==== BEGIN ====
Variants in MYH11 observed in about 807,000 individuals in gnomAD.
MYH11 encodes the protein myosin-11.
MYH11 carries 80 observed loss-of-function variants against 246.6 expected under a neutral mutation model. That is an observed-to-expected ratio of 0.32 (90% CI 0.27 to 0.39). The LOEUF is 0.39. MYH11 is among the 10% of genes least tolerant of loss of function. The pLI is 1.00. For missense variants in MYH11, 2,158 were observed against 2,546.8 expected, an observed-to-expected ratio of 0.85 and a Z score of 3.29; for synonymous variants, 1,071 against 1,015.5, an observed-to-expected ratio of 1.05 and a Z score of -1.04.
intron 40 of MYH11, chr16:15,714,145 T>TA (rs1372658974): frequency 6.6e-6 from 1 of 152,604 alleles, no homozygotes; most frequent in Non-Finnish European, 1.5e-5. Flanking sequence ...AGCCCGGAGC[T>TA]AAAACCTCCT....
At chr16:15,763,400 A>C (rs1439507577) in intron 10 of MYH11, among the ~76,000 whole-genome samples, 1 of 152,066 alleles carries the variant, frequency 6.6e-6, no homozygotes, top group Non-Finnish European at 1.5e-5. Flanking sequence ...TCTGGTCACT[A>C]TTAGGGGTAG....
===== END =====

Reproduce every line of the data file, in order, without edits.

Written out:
Variants in MYH11 observed in about 807,000 individuals in gnomAD.
MYH11 encodes the protein myosin-11.
MYH11 carries 80 observed loss-of-function variants against 246.6 expected under a neutral mutation model. That is an observed-to-expected ratio of 0.32 (90% CI 0.27 to 0.39). The LOEUF is 0.39. MYH11 is among the 10% of genes least tolerant of loss of function. The pLI is 1.00. For missense variants in MYH11, 2,158 were observed against 2,546.8 expected, an observed-to-expected ratio of 0.85 and a Z score of 3.29; for synonymous variants, 1,071 against 1,015.5, an observed-to-expected ratio of 1.05 and a Z score of -1.04.
intron 40 of MYH11, chr16:15,714,145 T>TA (rs1372658974): frequency 6.6e-6 from 1 of 152,604 alleles, no homozygotes; most frequent in Non-Finnish European, 1.5e-5. Flanking sequence ...AGCCCGGAGC[T>TA]AAAACCTCCT....
At chr16:15,763,400 A>C (rs1439507577) in intron 10 of MYH11, among the ~76,000 whole-genome samples, 1 of 152,066 alleles carries the variant, frequency 6.6e-6, no homozygotes, top group Non-Finnish European at 1.5e-5. Flanking sequence ...TCTGGTCACT[A>C]TTAGGGGTAG....